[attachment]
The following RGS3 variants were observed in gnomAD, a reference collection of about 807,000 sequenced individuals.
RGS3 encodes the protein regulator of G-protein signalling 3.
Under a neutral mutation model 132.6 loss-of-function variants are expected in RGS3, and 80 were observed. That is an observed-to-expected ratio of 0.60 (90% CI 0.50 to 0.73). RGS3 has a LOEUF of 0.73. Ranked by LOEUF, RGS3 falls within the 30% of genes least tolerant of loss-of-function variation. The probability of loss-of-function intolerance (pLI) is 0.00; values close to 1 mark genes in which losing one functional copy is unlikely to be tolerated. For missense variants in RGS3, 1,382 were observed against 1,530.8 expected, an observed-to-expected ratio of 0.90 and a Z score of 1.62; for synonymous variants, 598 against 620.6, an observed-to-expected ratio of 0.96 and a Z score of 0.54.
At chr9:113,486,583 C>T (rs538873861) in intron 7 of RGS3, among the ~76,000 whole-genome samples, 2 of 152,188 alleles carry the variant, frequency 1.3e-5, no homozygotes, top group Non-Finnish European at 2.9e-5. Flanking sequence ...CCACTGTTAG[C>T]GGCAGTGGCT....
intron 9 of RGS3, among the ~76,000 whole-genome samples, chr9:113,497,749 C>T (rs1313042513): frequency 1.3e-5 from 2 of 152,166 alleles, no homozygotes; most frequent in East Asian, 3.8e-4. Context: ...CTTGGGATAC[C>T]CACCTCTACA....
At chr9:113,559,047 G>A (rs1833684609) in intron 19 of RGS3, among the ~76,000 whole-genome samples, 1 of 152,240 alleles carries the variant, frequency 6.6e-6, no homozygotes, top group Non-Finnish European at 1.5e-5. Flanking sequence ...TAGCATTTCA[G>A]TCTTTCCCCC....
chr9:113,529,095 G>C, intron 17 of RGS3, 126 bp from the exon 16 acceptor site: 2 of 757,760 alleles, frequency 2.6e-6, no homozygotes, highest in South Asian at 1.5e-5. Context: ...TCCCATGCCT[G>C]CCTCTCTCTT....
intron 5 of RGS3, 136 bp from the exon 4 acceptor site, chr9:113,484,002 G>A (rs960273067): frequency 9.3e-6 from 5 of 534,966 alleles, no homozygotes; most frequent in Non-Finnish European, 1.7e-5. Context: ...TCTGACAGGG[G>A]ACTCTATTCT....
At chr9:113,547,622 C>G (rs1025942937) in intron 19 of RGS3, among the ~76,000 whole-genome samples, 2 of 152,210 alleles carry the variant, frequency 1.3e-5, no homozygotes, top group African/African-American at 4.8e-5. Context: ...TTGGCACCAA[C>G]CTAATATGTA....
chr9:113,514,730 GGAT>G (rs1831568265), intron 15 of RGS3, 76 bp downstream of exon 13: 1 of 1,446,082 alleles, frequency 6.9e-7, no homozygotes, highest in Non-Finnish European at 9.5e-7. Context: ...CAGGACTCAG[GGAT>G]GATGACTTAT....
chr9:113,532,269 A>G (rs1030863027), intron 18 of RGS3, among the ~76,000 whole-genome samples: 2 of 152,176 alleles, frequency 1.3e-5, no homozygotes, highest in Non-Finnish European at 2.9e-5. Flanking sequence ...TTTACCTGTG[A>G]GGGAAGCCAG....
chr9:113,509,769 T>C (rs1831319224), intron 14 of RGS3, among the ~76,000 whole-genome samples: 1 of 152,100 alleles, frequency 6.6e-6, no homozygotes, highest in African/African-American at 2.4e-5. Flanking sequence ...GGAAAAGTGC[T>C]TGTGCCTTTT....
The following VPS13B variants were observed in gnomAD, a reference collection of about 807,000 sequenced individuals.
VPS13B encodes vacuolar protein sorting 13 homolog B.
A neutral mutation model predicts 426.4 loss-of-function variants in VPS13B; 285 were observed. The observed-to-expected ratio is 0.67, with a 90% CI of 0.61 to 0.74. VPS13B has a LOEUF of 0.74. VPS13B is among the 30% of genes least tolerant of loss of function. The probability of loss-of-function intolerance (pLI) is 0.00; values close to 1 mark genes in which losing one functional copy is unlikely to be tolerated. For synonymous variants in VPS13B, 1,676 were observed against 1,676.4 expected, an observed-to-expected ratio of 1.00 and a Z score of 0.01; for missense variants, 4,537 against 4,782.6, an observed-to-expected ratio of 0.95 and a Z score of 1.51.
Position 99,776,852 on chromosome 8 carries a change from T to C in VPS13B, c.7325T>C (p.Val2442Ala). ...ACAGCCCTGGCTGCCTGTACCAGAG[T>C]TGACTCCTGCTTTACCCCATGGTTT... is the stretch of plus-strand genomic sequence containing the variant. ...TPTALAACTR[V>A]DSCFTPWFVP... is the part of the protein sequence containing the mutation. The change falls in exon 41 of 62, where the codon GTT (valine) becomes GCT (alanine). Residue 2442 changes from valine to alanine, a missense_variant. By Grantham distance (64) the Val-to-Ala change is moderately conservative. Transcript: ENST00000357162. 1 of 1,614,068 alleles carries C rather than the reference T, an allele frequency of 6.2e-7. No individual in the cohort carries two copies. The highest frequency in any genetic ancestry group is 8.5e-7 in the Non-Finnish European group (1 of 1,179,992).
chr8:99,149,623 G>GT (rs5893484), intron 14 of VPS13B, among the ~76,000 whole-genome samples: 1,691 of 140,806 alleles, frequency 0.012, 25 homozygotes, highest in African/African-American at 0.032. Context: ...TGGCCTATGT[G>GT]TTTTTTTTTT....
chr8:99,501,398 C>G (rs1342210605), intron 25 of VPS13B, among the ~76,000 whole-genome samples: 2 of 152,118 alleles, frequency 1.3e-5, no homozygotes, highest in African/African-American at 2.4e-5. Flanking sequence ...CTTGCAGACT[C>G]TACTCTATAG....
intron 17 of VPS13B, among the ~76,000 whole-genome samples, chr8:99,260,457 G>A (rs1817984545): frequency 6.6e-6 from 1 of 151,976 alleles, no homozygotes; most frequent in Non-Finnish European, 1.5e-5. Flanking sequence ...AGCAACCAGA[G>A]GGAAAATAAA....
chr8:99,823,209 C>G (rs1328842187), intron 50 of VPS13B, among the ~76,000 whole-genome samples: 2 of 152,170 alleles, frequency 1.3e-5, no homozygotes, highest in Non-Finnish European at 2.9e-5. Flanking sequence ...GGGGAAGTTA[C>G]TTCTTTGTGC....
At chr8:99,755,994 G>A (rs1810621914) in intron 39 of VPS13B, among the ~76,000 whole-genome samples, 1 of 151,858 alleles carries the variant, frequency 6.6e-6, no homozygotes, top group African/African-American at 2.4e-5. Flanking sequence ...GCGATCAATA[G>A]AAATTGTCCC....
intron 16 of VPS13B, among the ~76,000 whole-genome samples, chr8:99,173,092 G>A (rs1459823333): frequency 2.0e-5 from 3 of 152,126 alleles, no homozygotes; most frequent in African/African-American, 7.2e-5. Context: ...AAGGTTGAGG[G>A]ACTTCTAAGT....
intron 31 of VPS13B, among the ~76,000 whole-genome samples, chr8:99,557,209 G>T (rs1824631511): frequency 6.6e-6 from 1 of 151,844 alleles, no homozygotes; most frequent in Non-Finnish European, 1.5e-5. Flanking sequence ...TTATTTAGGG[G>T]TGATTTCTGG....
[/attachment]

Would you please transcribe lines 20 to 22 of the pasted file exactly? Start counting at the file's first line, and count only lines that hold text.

chr8:99,823,209 C>G (rs1328842187), intron 50 of VPS13B, among the ~76,000 whole-genome samples: 2 of 152,170 alleles, frequency 1.3e-5, no homozygotes, highest in Non-Finnish European at 2.9e-5. Flanking sequence ...GGGGAAGTTA[C>G]TTCTTTGTGC....
At chr8:99,755,994 G>A (rs1810621914) in intron 39 of VPS13B, among the ~76,000 whole-genome samples, 1 of 151,858 alleles carries the variant, frequency 6.6e-6, no homozygotes, top group African/African-American at 2.4e-5. Flanking sequence ...GCGATCAATA[G>A]AAATTGTCCC....
intron 16 of VPS13B, among the ~76,000 whole-genome samples, chr8:99,173,092 G>A (rs1459823333): frequency 2.0e-5 from 3 of 152,126 alleles, no homozygotes; most frequent in African/African-American, 7.2e-5. Context: ...AAGGTTGAGG[G>A]ACTTCTAAGT....